Islamic Court in Nigeria Bans Twitter for Debating on Amputation

An Islamic court in Nigeria has banned the use of Twitter and Facebook websites for conducting debates on the use of amputations as a form of punishment.

The court, in the northern city of Kaduna, backed a case brought by a pro-Sharia group arguing that a rights group was hosting debates on social networking sites, which would mock the Sharia system.

The Civil Rights Congress of Nigeria has said that it would appeal against the ruling, BBC reports.

Sharia judges can order amputations of limbs for petty crimes in some states. The courts mostly deal with domestic issues such as marriage and divorce.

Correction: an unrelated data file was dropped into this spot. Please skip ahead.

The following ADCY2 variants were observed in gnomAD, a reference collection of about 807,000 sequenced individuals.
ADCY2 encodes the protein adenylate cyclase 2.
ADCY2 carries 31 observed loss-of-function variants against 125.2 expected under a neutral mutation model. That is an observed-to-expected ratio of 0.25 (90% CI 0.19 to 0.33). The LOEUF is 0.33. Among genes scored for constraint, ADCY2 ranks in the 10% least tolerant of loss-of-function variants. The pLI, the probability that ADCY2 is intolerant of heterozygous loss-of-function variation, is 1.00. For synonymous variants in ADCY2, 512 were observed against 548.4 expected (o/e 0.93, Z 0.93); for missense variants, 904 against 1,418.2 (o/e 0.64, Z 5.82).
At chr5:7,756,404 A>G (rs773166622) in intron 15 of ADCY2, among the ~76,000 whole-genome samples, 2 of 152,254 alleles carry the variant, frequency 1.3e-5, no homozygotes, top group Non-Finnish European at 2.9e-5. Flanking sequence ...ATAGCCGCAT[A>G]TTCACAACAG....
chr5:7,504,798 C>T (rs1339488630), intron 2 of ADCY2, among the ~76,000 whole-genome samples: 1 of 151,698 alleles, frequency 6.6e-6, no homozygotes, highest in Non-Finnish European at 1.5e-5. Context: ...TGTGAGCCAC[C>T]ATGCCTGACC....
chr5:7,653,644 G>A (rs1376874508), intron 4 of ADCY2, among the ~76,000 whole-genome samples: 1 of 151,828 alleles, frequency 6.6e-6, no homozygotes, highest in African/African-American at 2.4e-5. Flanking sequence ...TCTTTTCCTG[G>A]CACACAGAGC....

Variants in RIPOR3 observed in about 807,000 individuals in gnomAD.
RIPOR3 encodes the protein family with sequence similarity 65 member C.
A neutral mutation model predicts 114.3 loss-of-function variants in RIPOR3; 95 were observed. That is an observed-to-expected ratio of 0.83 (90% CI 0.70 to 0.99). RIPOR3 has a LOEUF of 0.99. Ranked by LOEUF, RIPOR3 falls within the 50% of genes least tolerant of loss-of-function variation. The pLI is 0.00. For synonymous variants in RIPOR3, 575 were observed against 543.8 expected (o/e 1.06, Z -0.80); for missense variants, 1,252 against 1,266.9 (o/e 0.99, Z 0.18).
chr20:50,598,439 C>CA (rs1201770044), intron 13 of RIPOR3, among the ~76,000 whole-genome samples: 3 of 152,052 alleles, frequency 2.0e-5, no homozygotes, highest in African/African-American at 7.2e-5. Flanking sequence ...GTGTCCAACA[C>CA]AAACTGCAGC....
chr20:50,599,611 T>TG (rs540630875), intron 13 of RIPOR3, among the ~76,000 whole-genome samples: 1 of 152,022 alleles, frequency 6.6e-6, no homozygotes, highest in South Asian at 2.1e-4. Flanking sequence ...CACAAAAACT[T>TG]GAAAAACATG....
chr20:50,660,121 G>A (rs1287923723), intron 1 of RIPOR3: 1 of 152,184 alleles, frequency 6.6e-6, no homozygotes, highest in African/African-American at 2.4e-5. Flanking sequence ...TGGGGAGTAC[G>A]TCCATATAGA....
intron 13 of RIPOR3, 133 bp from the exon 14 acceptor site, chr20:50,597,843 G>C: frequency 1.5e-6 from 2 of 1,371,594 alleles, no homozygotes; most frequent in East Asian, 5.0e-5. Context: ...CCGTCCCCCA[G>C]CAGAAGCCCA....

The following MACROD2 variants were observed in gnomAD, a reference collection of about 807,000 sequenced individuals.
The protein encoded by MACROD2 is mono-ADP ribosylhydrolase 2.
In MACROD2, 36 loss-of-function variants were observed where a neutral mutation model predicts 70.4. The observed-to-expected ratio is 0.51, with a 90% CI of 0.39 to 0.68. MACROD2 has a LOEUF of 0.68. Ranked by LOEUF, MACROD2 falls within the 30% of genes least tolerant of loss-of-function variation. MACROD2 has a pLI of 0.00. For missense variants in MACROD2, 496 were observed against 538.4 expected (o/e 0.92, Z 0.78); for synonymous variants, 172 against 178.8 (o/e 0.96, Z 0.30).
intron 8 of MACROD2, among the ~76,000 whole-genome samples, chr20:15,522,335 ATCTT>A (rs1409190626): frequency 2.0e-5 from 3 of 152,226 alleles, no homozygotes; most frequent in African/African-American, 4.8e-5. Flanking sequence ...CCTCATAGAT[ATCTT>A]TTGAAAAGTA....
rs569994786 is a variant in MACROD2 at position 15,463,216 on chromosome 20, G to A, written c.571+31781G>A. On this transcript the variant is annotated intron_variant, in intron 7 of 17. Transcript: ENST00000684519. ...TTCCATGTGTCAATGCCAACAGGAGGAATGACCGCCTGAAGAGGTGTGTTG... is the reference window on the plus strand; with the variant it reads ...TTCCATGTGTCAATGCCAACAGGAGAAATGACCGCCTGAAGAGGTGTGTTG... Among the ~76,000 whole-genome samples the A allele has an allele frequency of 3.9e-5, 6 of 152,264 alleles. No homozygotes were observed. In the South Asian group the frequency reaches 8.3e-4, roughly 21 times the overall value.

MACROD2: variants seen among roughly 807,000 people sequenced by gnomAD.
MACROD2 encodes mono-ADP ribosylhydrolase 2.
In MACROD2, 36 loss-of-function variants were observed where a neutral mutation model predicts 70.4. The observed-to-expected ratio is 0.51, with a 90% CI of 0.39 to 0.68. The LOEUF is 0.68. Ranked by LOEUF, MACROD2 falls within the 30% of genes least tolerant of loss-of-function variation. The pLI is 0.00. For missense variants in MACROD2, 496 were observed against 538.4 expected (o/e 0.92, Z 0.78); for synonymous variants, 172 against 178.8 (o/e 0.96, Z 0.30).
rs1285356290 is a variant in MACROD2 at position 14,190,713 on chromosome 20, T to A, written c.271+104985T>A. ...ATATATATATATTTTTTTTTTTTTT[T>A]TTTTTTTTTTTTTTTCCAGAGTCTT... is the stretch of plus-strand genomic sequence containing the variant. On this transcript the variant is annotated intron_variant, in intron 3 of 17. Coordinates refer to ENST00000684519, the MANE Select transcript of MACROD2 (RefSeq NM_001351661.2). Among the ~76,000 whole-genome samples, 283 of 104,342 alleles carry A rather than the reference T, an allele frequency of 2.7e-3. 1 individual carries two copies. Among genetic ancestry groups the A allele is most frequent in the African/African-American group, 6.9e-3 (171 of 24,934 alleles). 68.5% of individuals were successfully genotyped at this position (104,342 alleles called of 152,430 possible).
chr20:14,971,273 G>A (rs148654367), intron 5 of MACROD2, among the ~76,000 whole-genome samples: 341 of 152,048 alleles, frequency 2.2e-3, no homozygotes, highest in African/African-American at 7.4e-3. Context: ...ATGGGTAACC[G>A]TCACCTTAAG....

Sharia judges have sentenced some women to death by stoning for adultery, but the sentences have not been carried out.

The newspaper ThisDay quoted the judge's ruling as saying: "An order is hereby given restraining the respondents either by themselves or their agents from opening a chat forum on Facebook,Twitter, or any blog for the purpose of the debate on the amputation of Malam Buba Bello Jangebe."

In 2000, Jangebe made history as the first person in Nigeria to have an amputation carried out under Islamic law after being found guilty of stealing a cow.

The Civil Rights Congress said it had started a Twitter feed, blog and Facebook debate on Jangebe so "Nigerians could air their opinions on Sharia law as a whole".

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